A false sense of perfection?

poster event brite

This is an event organised by the Young Women’s Network. This has been set up to discuss and explore the sexualisation of young women. Pressure to conform, the media, social media and commercialism all contribute to the increased burdens faced by young women today.  Many have spoken about the difficulties in challenging stereotypical images, TV and magazine reports as well as peer pressure.

There will be speakers and workshops on the day.

The event will take place on Saturday 19th October in the Teacher Building, St Enoch Square Glasgow.

To come along to this event visit www.swcyoungwomen.eventbrite.com or call 0141 339 4797.

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We need to put an end to zero hour contacts

by Elaine Dougall, Unite Scotland Regional Women and Equalities Officer 

zerohours

These type of contracts mean:

Zero hours

Zero holidays

Zero sick pay

The use of zero hour contracts in workplaces across the UK exploits workers rights and dignity. Zero hours contacts give employers the right to not pay you when you’re on holiday or sick. These contracts mean that workers have no guaranteed weekly hours or income, only being paid for the work they do. Therefore from week to week you don’t know the wage you are going to get.

A recent survey by the Chartered Institute of Personnel Development highlighted that over 1 million workers are on these types of contracts. Moreover, the survey found that the majority of workers who are on zero hours contracts are 18 – 24 years old.

Young people still need to pay to live just like everyone else. The worry is, for many young women and men who are trying to earn enough just to live – what will they turn to get a living wage?

Zero hours contracts are beneficial for employers as it gives a high degree of flexibility. For example, during a busy period in a particular industry the employer can give you hours. But, when they are quiet they will let you go and have little regard for your bills, rent or life.

Unite are trying to eradicate these contracts. Unite has called on the Scottish Government to reform its public procurement agenda in order to tackle the rise of employment rights abuses across our economy. Unite have also set up a survey which you can fill in here.

The exploitation of workers needs to stop.

Healthy Relationships and Dating Abuse

by Ellie Hutchinson, Scottish Women’s Aid

Healthy Relationships and Dating Abuse

I’m the prevention worker at Scottish Women’s Aid, and this means I spend pretty much all my time thinking about violence against women. But I don’t just think about the causes, I think about solutions. The bottom line of all my work is everyone deserves to be safe and secure and have healthy relationships.

Healthy Relationships
So what is a healthy relationship?  A good starting point is to think about our relationships with our friends. What values do we look for in a friendship? Do we look for trust, humour, respect, empathy? Or do we look for possession, jealousy and control?

Most of us would look for the first list- but many of us might forget those values when we’re in romantic relationships. Thinking about why that might be leads us to explore how we learn about relationships- both romantic and non-romantic. Programmes or films that talk about friendships show people supporting each other in crisis, having fun and just generally hanging out.  Programmes or films that feature sexual relationships tend to show a very specific way of “doing” a relationship.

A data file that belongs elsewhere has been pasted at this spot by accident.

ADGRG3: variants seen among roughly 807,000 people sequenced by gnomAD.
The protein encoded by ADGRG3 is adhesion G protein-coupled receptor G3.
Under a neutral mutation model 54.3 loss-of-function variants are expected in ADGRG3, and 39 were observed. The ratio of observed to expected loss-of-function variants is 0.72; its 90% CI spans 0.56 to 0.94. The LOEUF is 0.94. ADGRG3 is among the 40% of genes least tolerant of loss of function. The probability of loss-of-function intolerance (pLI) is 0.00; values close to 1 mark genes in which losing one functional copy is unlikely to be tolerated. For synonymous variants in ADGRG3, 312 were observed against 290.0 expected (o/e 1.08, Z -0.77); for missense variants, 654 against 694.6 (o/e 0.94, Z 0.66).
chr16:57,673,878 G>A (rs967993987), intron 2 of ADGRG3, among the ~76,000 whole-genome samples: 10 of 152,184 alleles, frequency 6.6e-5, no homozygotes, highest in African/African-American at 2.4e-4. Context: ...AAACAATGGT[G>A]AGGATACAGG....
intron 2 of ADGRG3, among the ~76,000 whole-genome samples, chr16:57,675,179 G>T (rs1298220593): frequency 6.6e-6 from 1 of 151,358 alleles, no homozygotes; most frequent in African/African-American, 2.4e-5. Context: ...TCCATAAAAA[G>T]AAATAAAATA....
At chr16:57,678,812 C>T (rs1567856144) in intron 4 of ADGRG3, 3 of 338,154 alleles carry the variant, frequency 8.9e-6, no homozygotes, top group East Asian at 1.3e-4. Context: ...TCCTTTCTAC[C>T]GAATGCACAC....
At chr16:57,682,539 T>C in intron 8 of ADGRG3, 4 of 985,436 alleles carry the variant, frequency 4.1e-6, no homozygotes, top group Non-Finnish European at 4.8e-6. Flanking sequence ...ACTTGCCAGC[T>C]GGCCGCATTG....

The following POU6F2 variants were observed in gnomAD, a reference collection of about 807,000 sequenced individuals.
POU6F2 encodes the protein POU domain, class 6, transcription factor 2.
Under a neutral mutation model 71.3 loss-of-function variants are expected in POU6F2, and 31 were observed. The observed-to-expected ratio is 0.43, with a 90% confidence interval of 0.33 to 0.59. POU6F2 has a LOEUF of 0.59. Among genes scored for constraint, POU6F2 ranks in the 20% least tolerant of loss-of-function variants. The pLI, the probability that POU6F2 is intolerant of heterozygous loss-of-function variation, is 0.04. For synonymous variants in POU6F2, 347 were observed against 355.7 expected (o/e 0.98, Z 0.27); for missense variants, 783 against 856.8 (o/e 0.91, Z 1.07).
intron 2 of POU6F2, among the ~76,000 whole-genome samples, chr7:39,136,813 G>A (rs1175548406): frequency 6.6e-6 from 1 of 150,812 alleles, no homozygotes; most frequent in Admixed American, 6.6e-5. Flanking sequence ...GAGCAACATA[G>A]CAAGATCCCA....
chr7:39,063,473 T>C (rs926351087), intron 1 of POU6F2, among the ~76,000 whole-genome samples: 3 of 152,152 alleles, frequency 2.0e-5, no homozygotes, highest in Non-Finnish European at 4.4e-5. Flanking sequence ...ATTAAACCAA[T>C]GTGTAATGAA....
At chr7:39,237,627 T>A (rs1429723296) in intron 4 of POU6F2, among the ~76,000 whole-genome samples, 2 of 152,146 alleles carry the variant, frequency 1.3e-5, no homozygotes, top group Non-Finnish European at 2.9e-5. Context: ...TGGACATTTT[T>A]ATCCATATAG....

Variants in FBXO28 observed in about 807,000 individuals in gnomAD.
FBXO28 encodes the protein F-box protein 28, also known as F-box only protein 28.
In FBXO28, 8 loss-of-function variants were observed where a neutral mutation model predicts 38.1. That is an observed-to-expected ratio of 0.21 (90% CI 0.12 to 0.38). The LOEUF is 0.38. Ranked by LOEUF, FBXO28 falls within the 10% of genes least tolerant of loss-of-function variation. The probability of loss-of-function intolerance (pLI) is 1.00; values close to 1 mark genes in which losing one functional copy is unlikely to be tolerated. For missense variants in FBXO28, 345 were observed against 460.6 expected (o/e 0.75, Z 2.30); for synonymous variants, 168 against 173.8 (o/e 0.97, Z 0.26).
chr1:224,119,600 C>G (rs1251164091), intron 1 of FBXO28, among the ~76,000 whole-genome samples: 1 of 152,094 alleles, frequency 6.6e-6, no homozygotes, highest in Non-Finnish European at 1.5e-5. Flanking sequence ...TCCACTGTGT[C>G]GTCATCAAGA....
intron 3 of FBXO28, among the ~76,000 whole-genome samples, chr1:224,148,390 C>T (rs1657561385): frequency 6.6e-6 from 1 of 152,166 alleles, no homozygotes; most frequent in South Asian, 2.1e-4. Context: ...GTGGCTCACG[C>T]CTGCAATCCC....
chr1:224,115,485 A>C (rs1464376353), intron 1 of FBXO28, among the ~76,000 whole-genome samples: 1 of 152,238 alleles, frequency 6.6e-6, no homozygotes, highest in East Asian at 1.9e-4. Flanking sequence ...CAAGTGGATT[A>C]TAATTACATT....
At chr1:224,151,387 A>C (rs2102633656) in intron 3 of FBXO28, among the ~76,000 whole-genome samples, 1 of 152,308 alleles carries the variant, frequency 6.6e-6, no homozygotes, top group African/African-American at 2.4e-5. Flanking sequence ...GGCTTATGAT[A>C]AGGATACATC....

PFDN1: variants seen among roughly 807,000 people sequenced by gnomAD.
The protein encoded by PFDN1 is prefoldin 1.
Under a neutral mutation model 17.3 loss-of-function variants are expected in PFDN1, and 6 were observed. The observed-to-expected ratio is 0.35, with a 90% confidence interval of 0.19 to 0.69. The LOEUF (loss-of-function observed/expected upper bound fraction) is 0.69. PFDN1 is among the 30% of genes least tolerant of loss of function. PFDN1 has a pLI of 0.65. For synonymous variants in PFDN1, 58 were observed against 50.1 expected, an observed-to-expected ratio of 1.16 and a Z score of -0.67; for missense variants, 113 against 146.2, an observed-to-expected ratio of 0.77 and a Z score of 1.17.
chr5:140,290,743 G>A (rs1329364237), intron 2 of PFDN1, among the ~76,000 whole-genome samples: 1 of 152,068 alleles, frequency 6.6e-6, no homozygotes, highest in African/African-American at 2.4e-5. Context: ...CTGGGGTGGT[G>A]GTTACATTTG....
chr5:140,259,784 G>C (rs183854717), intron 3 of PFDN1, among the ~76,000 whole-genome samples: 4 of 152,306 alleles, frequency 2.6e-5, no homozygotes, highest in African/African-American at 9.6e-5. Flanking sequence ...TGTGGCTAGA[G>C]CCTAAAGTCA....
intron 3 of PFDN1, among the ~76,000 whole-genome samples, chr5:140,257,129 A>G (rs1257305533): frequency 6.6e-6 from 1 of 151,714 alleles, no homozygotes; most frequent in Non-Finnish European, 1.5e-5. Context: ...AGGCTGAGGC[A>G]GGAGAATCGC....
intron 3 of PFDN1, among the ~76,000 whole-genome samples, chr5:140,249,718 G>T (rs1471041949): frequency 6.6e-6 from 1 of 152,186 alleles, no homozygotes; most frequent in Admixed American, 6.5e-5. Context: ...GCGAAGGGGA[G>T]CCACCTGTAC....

Unhealthy Relationships
Next time you see a film or a music video about sexual relationships think about- what do those people look like? What are they doing? What are the things they are valuing in each other? How are they talking about each other? To each other? Quite often it is possessiveness, jealousy, ownership or treating people as sexual objects. If a friend told you what to wear, who to see, how to talk, how to have sex (or not) it wouldn’t feel ok. And it’s not. And it’s not ok for a partner to do those things either. That’s why in one of our projects we asked young people to tell us what a healthy relationship means to them, why they “get it”. To find out more click here.

How to Speak Out
Most of us know what a healthy relationship looks like, but it can feel hard to get that when we’re faced with so many messages to the contrary. It’s also really hard for women and girls to speak out, because if we do so we might be labelled “uptight” or much worse. But dating and domestic abuse isn’t a woman’s issue, it’s a people one; and we need boys and men to help us and speak out too.

Speaking out can be tough, so here are some suggestions on how you might want to get involved:

  1. Challenge sexism in your friends. We run a bystander programme to help people think about how they might do this. Check it out http://togetherwecanstopit.org/get-savi-resources/
  2. If you see something that promotes unhealthy relationships and you’re online, share it  on twitter with the #notbuyingit hashtag, or forward on to @everyday sexism
  3. Think about the media you do read/watch/buy- what is it saying about relationships?
  4. Support folk when they tell you about unhealthy relationships. Find out more http://www.togetherwecanstopit.org/wp-content/uploads/downloads/2010/11/SWA-Supporting-Someone.pdf
  5. If you’re a man and want to speak out, check out the #notthatlad campaign from us, the NUS and White Ribbon Scotland. http://togetherwecanstopit.org/news/im-not-that-lad-creating-an-alternative-banter/
  6. Read up on the issue. Find out more about dating abuse http://www.scottishwomensaid.org.uk/advice-information/advice-information-young-people/dating-abuse

We believe that by doing one thing, we can stop domestic  and dating abuse.